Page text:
PM apologises for child migrants

Chuld migrants were packed off to Australia between 1920 and 1967 and were frequently abused
Chuld migrants were packed off to Australia between 1920 and 1967 and were frequently abused

By politics.co.uk staff

The prime minister apologised to the British children forcibly sent to Commonwealth countries for a life of abuse and unpaid labour this afternoon.

Originally announced in November, after his Australian counterpart Kevin Rudd said sorry for the events of the period, Gordon Brown had been working on the final wording of the apology with charities representing former child migrants and their families.

"Mr Speaker, to all those former child migrants and their families; to those here with us today and those across the world - to each and every one - I say today we are truly sorry," Mr Brown told the Commons.


"They were let down.

"We are sorry they were allowed to be sent away when at their most vulnerable. We are sorry that instead of caring for them, this country turned its back. We are sorry that the voices of these children were not always heard,
their cries for help not always heeded. And we are sorry that it has taken so long for this important day to come
and for the full and unconditional apology that is justly deserved."

Mr Brown is understood to have been personally moved by the story of the migrants, at least 150,000 of which were taken to predominantly Australia and Canada between 1920 and 1967.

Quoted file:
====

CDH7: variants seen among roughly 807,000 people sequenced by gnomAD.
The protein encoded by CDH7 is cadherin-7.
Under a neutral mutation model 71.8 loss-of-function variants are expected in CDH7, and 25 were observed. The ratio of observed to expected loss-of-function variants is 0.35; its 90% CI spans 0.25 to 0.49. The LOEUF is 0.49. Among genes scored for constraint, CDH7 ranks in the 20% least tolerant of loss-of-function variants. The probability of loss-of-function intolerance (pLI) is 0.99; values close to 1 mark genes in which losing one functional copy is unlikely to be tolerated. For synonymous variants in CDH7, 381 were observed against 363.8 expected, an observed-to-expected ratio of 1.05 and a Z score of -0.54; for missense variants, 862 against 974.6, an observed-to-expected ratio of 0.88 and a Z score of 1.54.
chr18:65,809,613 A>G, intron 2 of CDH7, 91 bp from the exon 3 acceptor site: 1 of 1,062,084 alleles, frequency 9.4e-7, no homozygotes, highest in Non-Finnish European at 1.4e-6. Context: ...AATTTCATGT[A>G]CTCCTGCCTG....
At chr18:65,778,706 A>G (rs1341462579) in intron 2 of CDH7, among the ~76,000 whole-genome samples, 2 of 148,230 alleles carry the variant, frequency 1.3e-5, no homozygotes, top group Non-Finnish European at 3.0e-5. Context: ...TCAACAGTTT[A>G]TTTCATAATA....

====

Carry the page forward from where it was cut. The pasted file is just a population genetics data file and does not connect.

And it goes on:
No British prime minister has ever apologised for the events, despite persistent calls from victims' groups.

Around 60 survivors will come to London today to listen to the statement in person.

The practise of taking the children, aged between three and 14, was prompted largely by a desire to introduce white, hopefully British, stock, to the territories of the British empire.

Most came from care homes, but all were from deprived backgrounds. They were promised a better life in the Commonwealth but usually met a fate of unpaid labour and, frequently, abuse.

Last November Mr Brown's Australian counterpart, Kevin Rudd, made a wider apology to the 500,000 children, mostly from overseas, who were held in institutions between 1930 and 1970.

"We are sorry," he said.

"Sorry that as children you were taken from your families and placed in institutions where so often you were abused.

"Sorry for the physical suffering, the emotional starvation and the cold absence of love, of tenderness, of care. Sorry for the tragedy, the absolute tragedy, of childhoods lost."

The comments highlighted a distinct ethical agenda to Mr Rudd's administration. He had already apologised to the 'stolen generation' of aboriginal children taken from their parents.

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